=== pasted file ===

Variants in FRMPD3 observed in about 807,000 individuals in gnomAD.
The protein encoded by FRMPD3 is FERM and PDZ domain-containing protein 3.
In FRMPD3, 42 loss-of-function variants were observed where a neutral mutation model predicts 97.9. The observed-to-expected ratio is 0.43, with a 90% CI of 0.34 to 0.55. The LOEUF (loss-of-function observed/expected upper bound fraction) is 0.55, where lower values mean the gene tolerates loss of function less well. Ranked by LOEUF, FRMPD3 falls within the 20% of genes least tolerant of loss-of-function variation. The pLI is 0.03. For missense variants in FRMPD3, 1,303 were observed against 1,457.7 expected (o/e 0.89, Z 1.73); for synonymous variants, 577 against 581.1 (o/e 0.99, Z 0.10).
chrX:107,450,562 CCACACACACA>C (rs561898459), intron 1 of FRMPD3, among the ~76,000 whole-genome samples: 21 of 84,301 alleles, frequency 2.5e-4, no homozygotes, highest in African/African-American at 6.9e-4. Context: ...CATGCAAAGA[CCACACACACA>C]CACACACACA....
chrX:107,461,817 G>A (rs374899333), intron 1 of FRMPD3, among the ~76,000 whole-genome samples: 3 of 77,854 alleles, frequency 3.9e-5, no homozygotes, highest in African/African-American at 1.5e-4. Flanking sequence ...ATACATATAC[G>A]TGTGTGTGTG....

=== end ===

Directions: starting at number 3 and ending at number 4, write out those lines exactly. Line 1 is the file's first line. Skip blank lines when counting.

In FRMPD3, 42 loss-of-function variants were observed where a neutral mutation model predicts 97.9. The observed-to-expected ratio is 0.43, with a 90% CI of 0.34 to 0.55. The LOEUF (loss-of-function observed/expected upper bound fraction) is 0.55, where lower values mean the gene tolerates loss of function less well. Ranked by LOEUF, FRMPD3 falls within the 20% of genes least tolerant of loss-of-function variation. The pLI is 0.03. For missense variants in FRMPD3, 1,303 were observed against 1,457.7 expected (o/e 0.89, Z 1.73); for synonymous variants, 577 against 581.1 (o/e 0.99, Z 0.10).
chrX:107,450,562 CCACACACACA>C (rs561898459), intron 1 of FRMPD3, among the ~76,000 whole-genome samples: 21 of 84,301 alleles, frequency 2.5e-4, no homozygotes, highest in African/African-American at 6.9e-4. Context: ...CATGCAAAGA[CCACACACACA>C]CACACACACA....